At the same time, there are those who are Christians, but not part of the local community of faith. Often, this group feels justified in not being part of the local community because of people like Mrs. Bad-theology or Mrs. Busy-body. Because Christianity is not determined by behavior or by joining a local community, they focus on the “private” relationship with Jesus. In other words, they love Jesus, but not the church (a sentiment expressed by both John Lennon and Mahatma Gandhi). However, there is a fundamental flaw in this: Jesus is the had of the church and commands community with one another.
Colossians 1:18 tells us that Christ is the head of the church. If Christ is the head, He calls the shots and we follow His commands. One of His primary commands is that we share community with one another. In John 15, He considers all believers to be one as we are united to Him (He uses the analogy of vines and branches). He states emphatically that if we are His disciples, we must love one another as Christians. Paul, in Philippians 2, says that if we have any comfort from being united with Christ then we will be one with others in community (in Spirit and purpose). In John’s first epistle, he goes so far as to say that we cannot be believers if we don’t love our brother (meaning other Christians).
Clearly, it is important to God that we are in community with one another. So, why are people not in community with one another? At best, it is that there are so many expressions of the local church, the community of faith, that it muddies our understanding of ‘church’. At worst, we look, as a community, nothing like what God intended. After all, many church people are not unified, not loving, and are not the type of people with whom we would want community. Who would want to attend a church with people Mrs. Bad-Theology and Mrs. Busy-body?
Yet, it is to this type of community we are necessarily called. It is the type of community that is committed and loves others regardless of how others treat us. After all, that is what God does for us. “God demonstrates His own love towards us in that while we were still sinners, Christ died for us” (Romans 5:8). I demonstrate my own love toward Christ and toward Mrs. Bad-theology and Mrs. Busy-body in that while each are trying to get me fired, or have wacky beliefs that need to be dealt with, I love, serve and care for them.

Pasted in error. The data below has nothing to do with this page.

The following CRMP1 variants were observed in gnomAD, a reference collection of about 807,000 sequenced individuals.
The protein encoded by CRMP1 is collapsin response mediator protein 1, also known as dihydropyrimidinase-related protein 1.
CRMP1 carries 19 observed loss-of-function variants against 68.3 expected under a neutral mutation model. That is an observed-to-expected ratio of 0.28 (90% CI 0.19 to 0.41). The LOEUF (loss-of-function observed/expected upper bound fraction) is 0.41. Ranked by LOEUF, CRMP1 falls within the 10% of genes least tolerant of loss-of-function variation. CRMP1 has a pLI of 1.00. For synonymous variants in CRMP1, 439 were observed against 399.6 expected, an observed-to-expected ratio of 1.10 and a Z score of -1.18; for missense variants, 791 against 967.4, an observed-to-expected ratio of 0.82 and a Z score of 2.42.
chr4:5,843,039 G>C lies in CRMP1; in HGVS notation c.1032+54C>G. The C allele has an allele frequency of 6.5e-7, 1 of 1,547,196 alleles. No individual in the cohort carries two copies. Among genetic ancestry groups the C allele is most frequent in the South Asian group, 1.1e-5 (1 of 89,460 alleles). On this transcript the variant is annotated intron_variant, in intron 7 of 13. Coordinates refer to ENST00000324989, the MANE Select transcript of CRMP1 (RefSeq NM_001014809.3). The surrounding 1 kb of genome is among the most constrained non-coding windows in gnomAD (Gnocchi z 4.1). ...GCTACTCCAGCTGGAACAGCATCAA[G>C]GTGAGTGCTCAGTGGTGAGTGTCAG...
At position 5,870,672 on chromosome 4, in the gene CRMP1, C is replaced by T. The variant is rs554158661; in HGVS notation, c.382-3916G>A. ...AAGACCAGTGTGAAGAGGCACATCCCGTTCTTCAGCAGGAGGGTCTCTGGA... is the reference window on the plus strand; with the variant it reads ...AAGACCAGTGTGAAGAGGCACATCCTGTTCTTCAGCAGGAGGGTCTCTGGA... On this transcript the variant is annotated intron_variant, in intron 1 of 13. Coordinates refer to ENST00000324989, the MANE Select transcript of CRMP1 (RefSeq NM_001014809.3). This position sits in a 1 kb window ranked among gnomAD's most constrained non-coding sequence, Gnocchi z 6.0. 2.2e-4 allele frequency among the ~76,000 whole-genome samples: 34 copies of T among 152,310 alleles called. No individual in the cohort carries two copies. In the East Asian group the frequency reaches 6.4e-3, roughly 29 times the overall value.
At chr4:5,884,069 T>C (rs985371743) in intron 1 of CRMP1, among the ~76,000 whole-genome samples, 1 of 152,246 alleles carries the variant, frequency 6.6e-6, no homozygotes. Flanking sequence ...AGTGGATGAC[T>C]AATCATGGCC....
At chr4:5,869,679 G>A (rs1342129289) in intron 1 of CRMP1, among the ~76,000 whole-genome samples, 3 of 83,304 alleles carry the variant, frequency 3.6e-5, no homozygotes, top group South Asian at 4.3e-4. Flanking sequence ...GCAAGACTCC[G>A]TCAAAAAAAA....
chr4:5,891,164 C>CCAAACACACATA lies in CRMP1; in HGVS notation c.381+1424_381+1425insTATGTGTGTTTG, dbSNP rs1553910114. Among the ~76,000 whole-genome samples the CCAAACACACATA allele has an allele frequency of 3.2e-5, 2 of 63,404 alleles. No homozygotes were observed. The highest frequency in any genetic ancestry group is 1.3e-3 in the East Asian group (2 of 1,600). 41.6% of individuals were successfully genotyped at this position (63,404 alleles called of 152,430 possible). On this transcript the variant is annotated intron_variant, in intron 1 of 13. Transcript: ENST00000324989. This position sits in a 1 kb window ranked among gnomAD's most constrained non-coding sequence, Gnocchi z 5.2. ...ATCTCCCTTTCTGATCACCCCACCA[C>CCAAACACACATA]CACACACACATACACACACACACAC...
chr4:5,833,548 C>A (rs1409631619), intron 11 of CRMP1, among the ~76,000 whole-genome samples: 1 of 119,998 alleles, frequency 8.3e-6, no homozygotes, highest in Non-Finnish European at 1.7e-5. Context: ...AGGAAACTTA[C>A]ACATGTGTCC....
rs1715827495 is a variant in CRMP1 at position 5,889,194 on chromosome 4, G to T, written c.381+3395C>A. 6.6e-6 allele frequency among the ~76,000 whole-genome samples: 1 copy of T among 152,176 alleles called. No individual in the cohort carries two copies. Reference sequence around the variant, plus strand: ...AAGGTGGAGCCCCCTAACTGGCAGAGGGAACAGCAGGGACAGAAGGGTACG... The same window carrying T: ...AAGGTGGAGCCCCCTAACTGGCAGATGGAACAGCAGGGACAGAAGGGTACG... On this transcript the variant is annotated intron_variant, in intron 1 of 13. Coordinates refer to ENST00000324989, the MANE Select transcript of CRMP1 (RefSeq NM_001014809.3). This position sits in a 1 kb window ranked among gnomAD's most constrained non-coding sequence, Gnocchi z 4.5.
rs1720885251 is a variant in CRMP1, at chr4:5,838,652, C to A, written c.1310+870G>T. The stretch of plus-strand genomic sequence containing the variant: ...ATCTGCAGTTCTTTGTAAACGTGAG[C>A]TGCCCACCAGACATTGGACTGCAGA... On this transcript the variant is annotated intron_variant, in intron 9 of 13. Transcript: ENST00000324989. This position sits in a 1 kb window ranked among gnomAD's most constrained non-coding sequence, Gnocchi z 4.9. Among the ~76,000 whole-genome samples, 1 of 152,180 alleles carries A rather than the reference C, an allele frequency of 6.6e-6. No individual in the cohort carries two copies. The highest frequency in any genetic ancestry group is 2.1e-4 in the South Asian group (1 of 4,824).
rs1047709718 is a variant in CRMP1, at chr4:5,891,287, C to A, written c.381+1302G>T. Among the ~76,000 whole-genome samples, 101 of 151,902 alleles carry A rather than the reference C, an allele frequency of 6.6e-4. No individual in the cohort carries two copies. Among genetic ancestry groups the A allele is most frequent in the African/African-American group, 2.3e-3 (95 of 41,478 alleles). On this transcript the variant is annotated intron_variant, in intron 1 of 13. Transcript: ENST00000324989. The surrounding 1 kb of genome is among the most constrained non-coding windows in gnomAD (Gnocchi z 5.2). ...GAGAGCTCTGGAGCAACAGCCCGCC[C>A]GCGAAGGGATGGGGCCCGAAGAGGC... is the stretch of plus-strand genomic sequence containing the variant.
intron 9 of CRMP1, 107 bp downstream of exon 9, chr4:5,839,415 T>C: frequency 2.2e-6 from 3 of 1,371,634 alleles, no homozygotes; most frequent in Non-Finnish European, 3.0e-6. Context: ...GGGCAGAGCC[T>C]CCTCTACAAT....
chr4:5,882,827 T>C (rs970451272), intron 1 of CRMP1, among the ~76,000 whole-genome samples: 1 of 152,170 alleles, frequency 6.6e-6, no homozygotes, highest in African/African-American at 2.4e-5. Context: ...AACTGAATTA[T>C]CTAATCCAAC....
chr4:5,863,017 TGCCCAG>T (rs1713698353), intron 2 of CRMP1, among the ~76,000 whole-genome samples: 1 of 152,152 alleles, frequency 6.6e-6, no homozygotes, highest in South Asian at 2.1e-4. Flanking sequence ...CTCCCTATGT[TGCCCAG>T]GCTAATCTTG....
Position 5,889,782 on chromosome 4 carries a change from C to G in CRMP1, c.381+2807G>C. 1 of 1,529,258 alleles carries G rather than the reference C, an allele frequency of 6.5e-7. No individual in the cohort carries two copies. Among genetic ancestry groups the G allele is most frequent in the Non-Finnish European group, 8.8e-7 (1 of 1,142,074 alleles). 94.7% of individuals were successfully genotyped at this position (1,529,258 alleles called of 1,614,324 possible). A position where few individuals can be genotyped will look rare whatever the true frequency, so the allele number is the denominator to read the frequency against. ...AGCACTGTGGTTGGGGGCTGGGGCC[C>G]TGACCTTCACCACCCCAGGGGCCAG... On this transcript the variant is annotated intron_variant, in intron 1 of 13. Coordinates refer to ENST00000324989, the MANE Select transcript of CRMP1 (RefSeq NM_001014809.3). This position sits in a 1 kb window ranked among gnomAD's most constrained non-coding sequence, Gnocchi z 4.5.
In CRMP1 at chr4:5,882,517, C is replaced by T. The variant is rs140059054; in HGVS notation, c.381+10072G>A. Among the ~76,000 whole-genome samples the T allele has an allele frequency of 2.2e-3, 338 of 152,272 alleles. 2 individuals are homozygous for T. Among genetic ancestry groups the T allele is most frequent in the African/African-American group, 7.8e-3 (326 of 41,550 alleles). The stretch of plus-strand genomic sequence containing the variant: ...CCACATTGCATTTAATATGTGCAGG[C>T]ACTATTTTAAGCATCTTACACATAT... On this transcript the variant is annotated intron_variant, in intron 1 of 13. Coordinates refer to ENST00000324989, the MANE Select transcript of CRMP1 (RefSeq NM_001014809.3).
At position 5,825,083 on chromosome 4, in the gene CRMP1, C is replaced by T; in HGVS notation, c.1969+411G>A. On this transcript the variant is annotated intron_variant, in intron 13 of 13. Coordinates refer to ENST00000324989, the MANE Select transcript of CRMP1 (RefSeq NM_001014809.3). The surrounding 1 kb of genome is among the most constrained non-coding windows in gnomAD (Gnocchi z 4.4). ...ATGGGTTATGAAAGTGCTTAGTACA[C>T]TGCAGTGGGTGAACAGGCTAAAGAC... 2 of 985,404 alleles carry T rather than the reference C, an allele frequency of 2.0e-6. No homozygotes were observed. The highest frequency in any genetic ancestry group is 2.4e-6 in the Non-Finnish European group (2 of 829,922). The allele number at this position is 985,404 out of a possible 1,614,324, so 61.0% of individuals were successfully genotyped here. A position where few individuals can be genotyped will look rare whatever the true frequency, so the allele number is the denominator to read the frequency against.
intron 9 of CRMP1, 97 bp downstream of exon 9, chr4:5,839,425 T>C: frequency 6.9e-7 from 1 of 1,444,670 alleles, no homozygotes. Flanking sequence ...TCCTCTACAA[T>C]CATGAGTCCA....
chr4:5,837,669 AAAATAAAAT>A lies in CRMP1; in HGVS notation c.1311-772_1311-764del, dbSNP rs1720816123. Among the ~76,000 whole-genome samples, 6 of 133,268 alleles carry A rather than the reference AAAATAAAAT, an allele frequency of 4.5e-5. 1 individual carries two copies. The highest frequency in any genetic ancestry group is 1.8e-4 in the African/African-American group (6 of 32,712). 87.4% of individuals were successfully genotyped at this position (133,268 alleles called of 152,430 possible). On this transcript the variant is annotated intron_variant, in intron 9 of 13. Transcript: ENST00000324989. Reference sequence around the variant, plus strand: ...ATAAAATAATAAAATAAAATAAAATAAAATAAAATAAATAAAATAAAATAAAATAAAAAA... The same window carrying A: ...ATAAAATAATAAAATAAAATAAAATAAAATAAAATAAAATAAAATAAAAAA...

In my weaker moments, I hated Mrs. Bad-theology and Mrs. Busy-body. Division is the first place my heart would go. I felt like if they were not part of the community, it would be much better and more effective. Like Lennon, Gandhi and many today, I loved Jesus, but not the church (represented in these two ladies).
Deitrich Bonhoeffer, in “Life Together” (considered by many to be the best book on community) says this: “He who loves his dream of a community more than the Christian community itself becomes a destroyer of the latter, even though his personal intentions may be ever so honest and earnest and sacrificial”. If we fall so in love with some ideal vision of community that we fail to love and have community with the people who are actually in our lives, we will actually become destroyers of the possibility of community. Put differently, community requires that we love and commit to each other even when we are difficult to love. If we break community with people because they are difficult to love, we can never have community. Why? Because people are always difficult to love, always messy and always imperfect and loving them anyway is the essence of true community.
I must love the Mrs. Bad-theologys and Mrs. Busy-bodies of the world. In the same way, if we judge the local communities of faith to be less than worthy of our time and choose not to be part of them, we have passed judgment on the very people we claim are judgmental. We have divided from the very group of people we claim are not unified. We have become the problem. That is not the community Jesus commands from us.